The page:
The Cake tour led to a big package tour in 2001 and 2002 with several other bands of different genres. “That took us to even greater venues, which was amazing. It really expanded our fan base and set the stage for who we are as a band today.”

Maintaining The Vibe
How does a band stay together for 17 years and still stay current, I asked? “If you are a Hackensaw Boys fan, it’s likely you saw them when I wasn’t in the band,” David noted. He was with the band for six and a half years in the beginning, left for five years, and has now been back with the band for the past five years. I suggested maybe the band was like an institution, and David said, “yes, sort of. I think of it like sort of a folk franchise,” he mused.

“We’ve had upwards of 20 members in the band over the 17 year history,” David said. “Over the course of the years people have been fired, quit, and just drifted away, and then some have come back to the Boys as well, like myself. I don’t think there’s ever been anyone in the band that hasn’t tried to honor the original intent of the band though, which is good time music; and a fun time for people to come hang out at a good party with good music. And it’s always been based on a high energy vibe along with some ballads mixed in to mellow it out every once in a while.”

“And I think the band has always been about songs too.” Although David and Ferd Moyse are the two main songwriters at the moment, “We’ve always been lucky to have good songwriters in the band, in my humble opinion. When you have multiple songwriters you can reach out to a lot of different people. It adds a dimension and a diversity that you can’t always get if you’re relying on just one songwriter, or songs written outside the band. If your songwriter leaves, it’s hard for the band to go on. If you have multiple writers, the band can continue on easier even if one of the writers moves on.”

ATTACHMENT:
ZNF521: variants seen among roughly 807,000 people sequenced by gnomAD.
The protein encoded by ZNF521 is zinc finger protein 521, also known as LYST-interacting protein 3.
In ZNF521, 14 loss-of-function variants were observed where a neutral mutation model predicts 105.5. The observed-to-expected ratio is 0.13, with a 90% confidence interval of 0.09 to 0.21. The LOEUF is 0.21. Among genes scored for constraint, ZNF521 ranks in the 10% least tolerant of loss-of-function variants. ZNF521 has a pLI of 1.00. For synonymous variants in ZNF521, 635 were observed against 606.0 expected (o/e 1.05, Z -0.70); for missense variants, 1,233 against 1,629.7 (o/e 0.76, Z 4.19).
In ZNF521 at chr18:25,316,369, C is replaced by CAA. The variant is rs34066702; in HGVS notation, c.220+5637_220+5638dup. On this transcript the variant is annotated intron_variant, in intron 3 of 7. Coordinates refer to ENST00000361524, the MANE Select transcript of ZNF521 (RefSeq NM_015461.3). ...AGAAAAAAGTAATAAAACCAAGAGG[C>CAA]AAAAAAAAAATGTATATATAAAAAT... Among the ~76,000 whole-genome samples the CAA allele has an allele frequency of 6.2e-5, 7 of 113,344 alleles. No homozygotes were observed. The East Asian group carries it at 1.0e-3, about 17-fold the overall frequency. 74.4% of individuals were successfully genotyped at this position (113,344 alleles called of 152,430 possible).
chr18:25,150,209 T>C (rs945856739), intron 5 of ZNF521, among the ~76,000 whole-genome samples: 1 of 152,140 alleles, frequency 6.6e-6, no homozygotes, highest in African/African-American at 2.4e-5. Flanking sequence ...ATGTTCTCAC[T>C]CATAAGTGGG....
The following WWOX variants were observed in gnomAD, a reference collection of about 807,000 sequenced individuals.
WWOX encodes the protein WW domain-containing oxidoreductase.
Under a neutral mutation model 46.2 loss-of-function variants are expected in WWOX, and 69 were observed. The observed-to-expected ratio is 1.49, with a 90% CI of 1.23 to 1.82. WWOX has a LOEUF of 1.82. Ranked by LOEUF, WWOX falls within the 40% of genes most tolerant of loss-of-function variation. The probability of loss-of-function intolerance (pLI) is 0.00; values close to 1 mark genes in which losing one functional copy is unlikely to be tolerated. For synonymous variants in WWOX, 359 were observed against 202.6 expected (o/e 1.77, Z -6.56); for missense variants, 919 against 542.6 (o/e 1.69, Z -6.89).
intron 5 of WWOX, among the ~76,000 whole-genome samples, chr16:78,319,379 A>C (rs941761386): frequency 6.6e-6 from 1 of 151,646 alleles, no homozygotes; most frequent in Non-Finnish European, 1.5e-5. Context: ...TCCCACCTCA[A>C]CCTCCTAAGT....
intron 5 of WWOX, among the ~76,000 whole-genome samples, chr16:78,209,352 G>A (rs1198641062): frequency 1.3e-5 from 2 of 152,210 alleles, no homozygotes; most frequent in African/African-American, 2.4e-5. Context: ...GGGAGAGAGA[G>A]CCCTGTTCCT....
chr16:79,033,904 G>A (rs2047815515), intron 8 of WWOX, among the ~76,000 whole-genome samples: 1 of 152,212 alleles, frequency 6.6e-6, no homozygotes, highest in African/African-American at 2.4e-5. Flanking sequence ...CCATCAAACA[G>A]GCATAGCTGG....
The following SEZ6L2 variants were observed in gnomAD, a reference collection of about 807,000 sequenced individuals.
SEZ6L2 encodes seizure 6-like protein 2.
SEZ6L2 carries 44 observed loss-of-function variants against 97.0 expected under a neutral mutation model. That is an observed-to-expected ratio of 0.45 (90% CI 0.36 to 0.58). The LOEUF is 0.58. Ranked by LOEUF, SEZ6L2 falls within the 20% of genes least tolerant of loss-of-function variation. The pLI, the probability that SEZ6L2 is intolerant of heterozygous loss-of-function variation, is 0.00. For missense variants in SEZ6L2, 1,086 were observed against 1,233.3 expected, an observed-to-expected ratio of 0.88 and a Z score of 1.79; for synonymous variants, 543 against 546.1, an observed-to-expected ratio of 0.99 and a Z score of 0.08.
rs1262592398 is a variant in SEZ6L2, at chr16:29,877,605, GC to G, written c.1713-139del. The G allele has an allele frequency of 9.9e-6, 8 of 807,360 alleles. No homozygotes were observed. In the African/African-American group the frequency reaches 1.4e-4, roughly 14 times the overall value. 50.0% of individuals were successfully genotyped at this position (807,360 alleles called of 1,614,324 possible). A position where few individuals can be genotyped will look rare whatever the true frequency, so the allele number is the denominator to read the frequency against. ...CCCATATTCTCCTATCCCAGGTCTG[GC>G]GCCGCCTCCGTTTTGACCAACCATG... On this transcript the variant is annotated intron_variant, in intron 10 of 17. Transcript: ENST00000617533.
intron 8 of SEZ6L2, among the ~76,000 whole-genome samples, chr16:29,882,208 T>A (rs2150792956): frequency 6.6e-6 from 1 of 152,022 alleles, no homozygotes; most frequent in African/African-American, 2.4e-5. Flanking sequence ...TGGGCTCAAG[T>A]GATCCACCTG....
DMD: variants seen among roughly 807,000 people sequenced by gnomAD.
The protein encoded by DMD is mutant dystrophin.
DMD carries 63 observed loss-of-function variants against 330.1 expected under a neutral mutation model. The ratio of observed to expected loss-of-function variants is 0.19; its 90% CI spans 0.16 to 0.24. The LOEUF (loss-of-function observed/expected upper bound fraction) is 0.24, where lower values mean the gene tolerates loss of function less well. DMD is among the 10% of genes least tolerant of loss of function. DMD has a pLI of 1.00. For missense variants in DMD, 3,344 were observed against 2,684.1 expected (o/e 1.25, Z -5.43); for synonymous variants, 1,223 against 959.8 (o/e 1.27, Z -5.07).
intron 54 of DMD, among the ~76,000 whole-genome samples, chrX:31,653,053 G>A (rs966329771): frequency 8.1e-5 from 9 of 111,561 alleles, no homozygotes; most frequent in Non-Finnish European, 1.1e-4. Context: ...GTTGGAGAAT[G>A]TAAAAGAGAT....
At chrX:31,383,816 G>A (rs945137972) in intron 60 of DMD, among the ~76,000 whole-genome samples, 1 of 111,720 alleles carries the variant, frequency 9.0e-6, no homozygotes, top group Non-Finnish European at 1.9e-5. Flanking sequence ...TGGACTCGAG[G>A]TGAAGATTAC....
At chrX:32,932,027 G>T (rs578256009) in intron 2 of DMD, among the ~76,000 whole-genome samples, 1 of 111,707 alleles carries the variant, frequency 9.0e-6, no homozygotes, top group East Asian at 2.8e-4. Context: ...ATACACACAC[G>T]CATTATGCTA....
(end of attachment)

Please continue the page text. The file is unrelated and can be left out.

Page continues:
Songs again are the focus for their latest CD project, Charismo, their first studio recording in ten years. “We’ve been recording all along we just haven’t been able to get much out to the public. Guys would leave the band before we were finished, or timing and scheduling would get in the way.”

The latest project was funded through Kick starter, “which is a great way to involve your fan base in what you’re doing,” David commented. They asked noted producer Larry Campbell to help them make the record. “Thanks to our fans, we got the project funded and we went to New York to cut the new material.”
The album is named after a percussive instrument invented by former bandmate Justin Neuhardt (who played with the band in its early days). The instrument has been used nightly since the band’s initial tour 16 years ago. According to the band’s press material, “the charismo is made of recycled wood and scrap – tin cans, hubcaps, and so on – and is constantly broken down and re-assembled as the parts wear out and new ones are found. Much like the fluid, ever-changing nature of the instrument, Charismo shows us that The Hackensaw Boys are always moving forward like a mighty wheel turning, continuing to spread the (not quite) bygone spirit of down-home music to old and new audiences alike.”